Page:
Halftime at the Supreme Court: Tom Goldstein Talks SCOTUS

On Wednesday, Supreme Court litigator Tom Goldstein--who also publishes the much lauded SCOTUSblog--joined us for a Bloomberg BNA webinar titled "Halftime at the Supreme Court." The event was meant to provide a refresher on the cases argued at the court so far this term, as well as a look forward at the arguments and decisions yet to come.

Halftime at the Supreme Court Tom Goldstein SCOTUSblog Webinar

We also touched briefly on issues barreling down on the court, including same-sex marriage and gun rights, as well as some of the larger themes emerging from the Roberts Court's jurisprudence. Towards the end of the discussion we talked a little bit about Goldstein's practice, how he got to where he is today and the role of amici in Supreme Court litigation.

A copy of the program can be purchased by following the link above. Below are a few highlights from the webinar addressing just some of the topics we covered. Also, Tom and his wife Amy Howe--the editor of SCOTUSblog--authored a companion article I recommend reading, titled "Mid-Term Update on the Supreme Court." Law Week subscribers can find it on our homepage or at 82 U.S.L.W. 1208.

  • Goldstein noted that the justices, "in more cases this term than I can ever recall, are being asked to revisit and overrule, or very strictly limit prior precedents." He called this the "great mystery of the term"--whether they will turn away from decisions that are 10, 20 and even 20 years old.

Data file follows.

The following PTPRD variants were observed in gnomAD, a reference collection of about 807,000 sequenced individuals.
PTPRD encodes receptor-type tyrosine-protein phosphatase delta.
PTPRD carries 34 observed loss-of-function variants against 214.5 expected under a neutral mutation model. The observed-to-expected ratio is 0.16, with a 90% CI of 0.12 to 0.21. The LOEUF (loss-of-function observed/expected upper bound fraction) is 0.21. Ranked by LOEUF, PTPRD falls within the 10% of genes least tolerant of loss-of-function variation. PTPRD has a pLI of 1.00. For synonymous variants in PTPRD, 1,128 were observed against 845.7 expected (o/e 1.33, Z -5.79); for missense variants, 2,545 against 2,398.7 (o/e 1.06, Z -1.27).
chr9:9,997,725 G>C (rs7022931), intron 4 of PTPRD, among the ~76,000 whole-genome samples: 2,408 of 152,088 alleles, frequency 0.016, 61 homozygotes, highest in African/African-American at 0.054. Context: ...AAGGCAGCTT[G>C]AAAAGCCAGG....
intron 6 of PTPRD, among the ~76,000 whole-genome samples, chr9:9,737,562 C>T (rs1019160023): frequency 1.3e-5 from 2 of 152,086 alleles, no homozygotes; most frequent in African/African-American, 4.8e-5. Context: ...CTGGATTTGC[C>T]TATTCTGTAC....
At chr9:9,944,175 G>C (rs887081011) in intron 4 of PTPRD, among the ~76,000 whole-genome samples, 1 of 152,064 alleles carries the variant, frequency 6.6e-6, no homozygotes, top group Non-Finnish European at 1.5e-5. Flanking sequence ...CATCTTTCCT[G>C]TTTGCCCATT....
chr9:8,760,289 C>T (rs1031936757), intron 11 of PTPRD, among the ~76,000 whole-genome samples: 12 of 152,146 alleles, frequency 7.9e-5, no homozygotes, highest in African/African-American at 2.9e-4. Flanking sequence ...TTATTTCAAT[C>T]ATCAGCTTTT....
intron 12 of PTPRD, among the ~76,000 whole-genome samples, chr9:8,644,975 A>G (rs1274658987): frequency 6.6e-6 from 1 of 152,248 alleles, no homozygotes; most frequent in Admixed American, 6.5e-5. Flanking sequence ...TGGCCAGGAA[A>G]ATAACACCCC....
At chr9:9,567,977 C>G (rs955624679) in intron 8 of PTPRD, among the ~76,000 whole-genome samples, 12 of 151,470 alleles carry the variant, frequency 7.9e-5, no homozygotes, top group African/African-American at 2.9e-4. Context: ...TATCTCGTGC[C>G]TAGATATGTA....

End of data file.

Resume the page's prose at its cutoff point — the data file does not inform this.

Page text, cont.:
• McCutcheon v. FEC: There have been six campaign finance challenges brought before the Roberts Court and they have all succeeded, Goldstein said. "I expect this one to be the next."
  • Schuette v. Coal. to Defend Affirmative Action: In this challenge to a Michigan constitutional amendment barring universities from instituting affirmative action policies, a majority of the court is "having none of it," Goldstein said. That same majority would have voted for the amendment if they could have, so there is "no way they are going to declare it unconstitutional."
  • Daimler AG v. Bauman (Decided 1/14/14): This personal jurisdiction case, which Goldstein's partner Kevin Russell argued on behalf of the plaintiffs, "became a much bigger deal than anybody realized," he said.
  • Halliburton Co. v. Erica P. John Fund, Inc.: If the court overrules Basic v. Levinson and the fraud-on-the-market theory, most securities fraud cases would be in grave trouble, Goldstein said.
  • Same-Sex Marriage: "It is on a freight train, a very fast moving freight train," back to SCOTUS. When it gets there it will be a "nail biter."
  • It's much harder to build a Supreme Court practice now then when I started, Goldstein said. Back then maybe only three firms had dedicated SCOTUS practices and it was seen as "unseemly" to go after cases. Now, if an appeals court decision looks like it might have a chance at review, the parties and their attorneys are going to hear from a lot of Supreme Court lawyers.